The year 2010 marks 400 years since the death of one of Italy's most acclaimed and notorious artists, Caravaggio. Major exhibits across the country will pay homage to the great Mannerist maestro, born Michelangolo Merisi. Caravaggio celebrations kick off with a high-profile show in Rome's Le Scuderie del Quirinale, opening on February 18, which features 30 of the 40 authenticated masterworks by Caravaggio.
In addition to a selection of loans from museums around the world, among the show's highlights are the Uffizi Gallery's Bacchus, the two versions of the The Supper at Emmaus and the Deposition from the Musei Vaticani.
Other major Caravaggio-inspired exhibits expected to attract record crowds are scheduled for Florence and Rimini. Florence's Uffizi Gallery and Palazzo Pitti have teamed up for Caravaggio e i Caravaggeschi, opening in May, which will focus on work by the master and those who adopted his style. In October, Rimini's Castel Sismondo opens Caravaggio and other 17th-Century Painters, which will showcase masterpieces from the Wadsworth Atheneum in Hartford, Connecticut.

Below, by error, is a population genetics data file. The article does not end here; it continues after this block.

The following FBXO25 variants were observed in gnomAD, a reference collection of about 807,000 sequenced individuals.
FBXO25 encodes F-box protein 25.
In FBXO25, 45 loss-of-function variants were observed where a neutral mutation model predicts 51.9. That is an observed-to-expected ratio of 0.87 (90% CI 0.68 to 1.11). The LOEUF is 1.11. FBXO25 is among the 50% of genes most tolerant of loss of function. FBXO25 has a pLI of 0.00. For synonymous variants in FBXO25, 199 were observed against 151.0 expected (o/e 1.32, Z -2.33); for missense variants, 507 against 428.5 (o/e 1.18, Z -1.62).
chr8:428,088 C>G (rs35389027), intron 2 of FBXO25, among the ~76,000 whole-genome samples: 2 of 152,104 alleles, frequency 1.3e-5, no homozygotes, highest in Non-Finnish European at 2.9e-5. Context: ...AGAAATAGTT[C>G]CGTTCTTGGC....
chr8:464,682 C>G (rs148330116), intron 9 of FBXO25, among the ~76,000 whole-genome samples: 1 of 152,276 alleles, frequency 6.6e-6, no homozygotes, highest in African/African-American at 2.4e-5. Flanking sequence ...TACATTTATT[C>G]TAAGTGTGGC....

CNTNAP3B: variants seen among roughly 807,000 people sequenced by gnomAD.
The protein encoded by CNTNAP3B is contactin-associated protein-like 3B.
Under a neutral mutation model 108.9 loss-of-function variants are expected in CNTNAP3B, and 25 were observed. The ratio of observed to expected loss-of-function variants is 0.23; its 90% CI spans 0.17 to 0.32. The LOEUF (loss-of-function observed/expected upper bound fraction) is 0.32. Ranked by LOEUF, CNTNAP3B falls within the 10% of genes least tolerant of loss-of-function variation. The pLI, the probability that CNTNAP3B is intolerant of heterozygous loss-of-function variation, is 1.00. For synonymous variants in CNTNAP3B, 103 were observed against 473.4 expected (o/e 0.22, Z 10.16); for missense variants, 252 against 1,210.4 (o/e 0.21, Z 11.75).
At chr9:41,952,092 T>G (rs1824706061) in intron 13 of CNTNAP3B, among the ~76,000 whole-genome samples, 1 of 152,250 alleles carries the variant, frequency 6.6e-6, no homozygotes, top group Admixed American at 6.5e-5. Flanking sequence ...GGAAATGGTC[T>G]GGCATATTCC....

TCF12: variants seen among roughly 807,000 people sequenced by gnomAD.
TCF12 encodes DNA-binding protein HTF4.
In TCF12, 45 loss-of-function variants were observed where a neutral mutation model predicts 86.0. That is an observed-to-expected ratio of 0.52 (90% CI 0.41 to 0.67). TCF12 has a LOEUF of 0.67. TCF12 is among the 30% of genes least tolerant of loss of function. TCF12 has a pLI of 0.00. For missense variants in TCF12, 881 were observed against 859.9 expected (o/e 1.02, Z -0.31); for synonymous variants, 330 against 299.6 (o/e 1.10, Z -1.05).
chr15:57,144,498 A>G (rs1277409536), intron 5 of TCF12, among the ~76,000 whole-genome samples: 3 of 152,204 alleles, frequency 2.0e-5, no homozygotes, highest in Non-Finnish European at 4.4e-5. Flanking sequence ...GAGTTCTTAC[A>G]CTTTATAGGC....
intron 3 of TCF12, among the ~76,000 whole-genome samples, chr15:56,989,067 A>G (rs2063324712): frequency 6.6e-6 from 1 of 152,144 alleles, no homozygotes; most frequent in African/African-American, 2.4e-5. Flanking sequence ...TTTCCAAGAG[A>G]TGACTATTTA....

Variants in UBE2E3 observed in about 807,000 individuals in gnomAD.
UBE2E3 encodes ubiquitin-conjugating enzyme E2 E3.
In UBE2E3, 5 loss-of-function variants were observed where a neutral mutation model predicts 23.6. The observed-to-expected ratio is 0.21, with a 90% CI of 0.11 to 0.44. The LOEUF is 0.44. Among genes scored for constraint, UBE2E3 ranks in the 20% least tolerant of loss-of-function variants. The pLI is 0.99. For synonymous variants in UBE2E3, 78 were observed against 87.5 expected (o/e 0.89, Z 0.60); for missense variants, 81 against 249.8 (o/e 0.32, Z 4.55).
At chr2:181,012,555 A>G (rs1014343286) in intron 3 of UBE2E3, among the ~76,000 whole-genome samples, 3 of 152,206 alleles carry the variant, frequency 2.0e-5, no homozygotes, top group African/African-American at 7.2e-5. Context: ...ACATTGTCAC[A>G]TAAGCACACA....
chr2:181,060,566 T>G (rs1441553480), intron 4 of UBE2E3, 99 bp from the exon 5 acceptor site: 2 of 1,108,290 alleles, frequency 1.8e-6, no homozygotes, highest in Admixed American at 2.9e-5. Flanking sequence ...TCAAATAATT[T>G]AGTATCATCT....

Italian scientists and art critics are using Caravaggio's anniversary to find out how the quick-tempered artists really died. It is widely believed that Caravaggio's remains are buried in a small chapel in the Tuscan town of Porto Ercole. Scientists exhumed the bones on December 22 to find out the artist's true cause of death and give him a more suitable burial place. The project to analyze the presumed remains is being led by anthropology professor Giorgio Grupponi, who also worked on the face reconstruction, unveiled in 2007, of famed poet Dante Alighieri.